Albumin synthesis, catabolism and distribution in dialysis patients

George A. Kaysen, Jane Yeun, Thomas Depner

Research output: Contribution to journalArticlepeer-review

35 Scopus citations


Hypoalbuminemia predicts mortality in hemodialysis patients with end-stage renal disease (ESRD) and is assumed to result from malnutrition. We report here that plasma albumin levels are reduced significantly in both hemodialysis and peritoneal dialysis (PD) patients compared to normal subjects. Among hemodialysis patients with normal albumin levels (the upper quartile of albumin distribution), albumin synthesis rates, fractional catabolic rates, and distribution between the vascular and extravascular pool are normal, suggesting that ESRD per se does not derange albumin metabolism. Albumin synthesis is reduced in hemodialysis patients who are hypoalbuminemic, but the fractional albumin catabolic rate decreases normally, and albumin distribution between the vascular and extravascular space remains normal, suggesting that hypoalbuminemia results primarily from decreased synthesis. Using multiple linear regression analysis, the strongest correlates to plasma albumin concentration in 115 hemodialysis patients were the plasma level of the acute-phase C-reactive protein (CRP) and the normalized protein catabolic rate (PCRn). These two independent predictors of plasma albumin concentrations are markers of inflammation and of protein intake, respectively. CRP levels correlate more strongly with albumin concentration than does low PCRn. Activity of the acute-phase response is an important predictor of low plasma albumin concentration in hemodialysis patients independently of nutritional factors. External loss of albumin in the dialysate is an additional factor that contributes significantly to hypoalbuminemia in PD patients.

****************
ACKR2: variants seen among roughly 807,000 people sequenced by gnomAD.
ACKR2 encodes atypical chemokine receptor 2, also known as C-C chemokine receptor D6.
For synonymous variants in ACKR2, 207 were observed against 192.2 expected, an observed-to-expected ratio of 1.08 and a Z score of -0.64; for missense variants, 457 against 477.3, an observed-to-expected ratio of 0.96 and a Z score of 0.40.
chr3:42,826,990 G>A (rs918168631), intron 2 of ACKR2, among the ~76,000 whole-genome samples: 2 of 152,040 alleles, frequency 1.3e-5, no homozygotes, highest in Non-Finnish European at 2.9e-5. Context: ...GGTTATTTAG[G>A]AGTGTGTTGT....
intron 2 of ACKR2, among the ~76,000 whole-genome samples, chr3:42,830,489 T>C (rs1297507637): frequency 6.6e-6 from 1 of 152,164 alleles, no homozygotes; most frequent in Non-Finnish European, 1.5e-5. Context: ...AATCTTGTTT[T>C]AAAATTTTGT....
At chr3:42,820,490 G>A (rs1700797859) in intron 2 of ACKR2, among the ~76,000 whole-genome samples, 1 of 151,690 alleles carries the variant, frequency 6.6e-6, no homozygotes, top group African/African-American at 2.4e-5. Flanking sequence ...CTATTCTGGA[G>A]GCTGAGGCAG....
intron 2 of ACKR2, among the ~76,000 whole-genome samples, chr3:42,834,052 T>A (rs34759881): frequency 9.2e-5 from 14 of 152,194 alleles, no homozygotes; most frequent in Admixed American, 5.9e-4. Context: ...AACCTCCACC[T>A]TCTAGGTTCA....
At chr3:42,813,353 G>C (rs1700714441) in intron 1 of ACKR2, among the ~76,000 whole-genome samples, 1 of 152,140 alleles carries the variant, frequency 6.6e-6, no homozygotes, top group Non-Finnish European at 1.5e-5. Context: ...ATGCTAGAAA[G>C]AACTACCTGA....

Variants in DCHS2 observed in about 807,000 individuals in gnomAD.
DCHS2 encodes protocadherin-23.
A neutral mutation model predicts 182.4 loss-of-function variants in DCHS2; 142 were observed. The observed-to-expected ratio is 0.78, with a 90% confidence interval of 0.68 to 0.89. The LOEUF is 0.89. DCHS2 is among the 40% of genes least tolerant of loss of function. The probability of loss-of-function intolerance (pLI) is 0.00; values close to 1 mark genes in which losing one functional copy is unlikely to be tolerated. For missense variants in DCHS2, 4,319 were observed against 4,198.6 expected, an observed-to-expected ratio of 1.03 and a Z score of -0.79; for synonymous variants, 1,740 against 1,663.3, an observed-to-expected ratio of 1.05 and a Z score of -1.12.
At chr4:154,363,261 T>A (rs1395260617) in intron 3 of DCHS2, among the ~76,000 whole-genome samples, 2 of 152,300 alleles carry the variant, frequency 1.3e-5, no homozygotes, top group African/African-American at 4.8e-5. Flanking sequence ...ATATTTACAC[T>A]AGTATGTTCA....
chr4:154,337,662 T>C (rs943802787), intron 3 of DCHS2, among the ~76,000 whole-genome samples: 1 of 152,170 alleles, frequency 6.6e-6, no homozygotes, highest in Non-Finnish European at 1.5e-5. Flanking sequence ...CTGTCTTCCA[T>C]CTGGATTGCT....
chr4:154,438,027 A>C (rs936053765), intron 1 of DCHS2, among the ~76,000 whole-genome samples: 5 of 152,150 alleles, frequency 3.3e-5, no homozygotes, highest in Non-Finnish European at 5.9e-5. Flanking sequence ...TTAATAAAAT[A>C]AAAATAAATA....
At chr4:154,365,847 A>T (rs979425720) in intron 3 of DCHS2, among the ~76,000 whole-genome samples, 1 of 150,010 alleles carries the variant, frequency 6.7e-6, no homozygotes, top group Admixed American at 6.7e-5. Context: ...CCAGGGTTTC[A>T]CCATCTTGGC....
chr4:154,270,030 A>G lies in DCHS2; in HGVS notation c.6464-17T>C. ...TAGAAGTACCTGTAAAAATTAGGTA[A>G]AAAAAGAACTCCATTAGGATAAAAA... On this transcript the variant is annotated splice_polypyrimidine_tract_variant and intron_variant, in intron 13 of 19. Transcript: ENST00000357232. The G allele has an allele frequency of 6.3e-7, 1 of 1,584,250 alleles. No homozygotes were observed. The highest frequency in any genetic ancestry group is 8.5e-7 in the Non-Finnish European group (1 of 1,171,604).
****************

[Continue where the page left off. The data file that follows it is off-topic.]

Original languageEnglish (US)
Pages (from-to)218-224
Number of pages7
JournalMineral and Electrolyte Metabolism
Issue number3-6
StatePublished - 1997


  • Acute-phase reaction
  • C-reactive protein
  • Inflammation
  • Kt/V
  • Malnutrition
  • Peritoneal dialysis

ASJC Scopus subject areas

  • Biochemistry
  • Endocrinology, Diabetes and Metabolism


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